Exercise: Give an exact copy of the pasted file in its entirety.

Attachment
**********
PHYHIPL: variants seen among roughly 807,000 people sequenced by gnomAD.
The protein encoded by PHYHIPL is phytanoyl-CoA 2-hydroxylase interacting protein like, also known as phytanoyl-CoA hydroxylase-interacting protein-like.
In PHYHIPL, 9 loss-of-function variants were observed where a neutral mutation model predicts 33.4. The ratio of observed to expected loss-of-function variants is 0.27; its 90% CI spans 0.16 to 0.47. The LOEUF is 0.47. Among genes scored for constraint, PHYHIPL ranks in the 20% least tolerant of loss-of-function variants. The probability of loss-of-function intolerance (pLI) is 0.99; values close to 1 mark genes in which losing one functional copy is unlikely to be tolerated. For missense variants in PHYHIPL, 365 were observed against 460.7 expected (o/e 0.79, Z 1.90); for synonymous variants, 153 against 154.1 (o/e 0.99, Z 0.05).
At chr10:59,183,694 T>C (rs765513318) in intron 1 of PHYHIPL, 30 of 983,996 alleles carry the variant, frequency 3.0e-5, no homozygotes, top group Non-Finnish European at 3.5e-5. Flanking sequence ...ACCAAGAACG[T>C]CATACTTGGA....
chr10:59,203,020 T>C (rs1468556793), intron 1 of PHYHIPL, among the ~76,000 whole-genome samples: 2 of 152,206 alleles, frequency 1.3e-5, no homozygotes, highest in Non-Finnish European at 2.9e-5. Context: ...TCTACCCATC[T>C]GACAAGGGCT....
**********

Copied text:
PHYHIPL: variants seen among roughly 807,000 people sequenced by gnomAD.
The protein encoded by PHYHIPL is phytanoyl-CoA 2-hydroxylase interacting protein like, also known as phytanoyl-CoA hydroxylase-interacting protein-like.
In PHYHIPL, 9 loss-of-function variants were observed where a neutral mutation model predicts 33.4. The ratio of observed to expected loss-of-function variants is 0.27; its 90% CI spans 0.16 to 0.47. The LOEUF is 0.47. Among genes scored for constraint, PHYHIPL ranks in the 20% least tolerant of loss-of-function variants. The probability of loss-of-function intolerance (pLI) is 0.99; values close to 1 mark genes in which losing one functional copy is unlikely to be tolerated. For missense variants in PHYHIPL, 365 were observed against 460.7 expected (o/e 0.79, Z 1.90); for synonymous variants, 153 against 154.1 (o/e 0.99, Z 0.05).
At chr10:59,183,694 T>C (rs765513318) in intron 1 of PHYHIPL, 30 of 983,996 alleles carry the variant, frequency 3.0e-5, no homozygotes, top group Non-Finnish European at 3.5e-5. Flanking sequence ...ACCAAGAACG[T>C]CATACTTGGA....
chr10:59,203,020 T>C (rs1468556793), intron 1 of PHYHIPL, among the ~76,000 whole-genome samples: 2 of 152,206 alleles, frequency 1.3e-5, no homozygotes, highest in Non-Finnish European at 2.9e-5. Context: ...TCTACCCATC[T>C]GACAAGGGCT....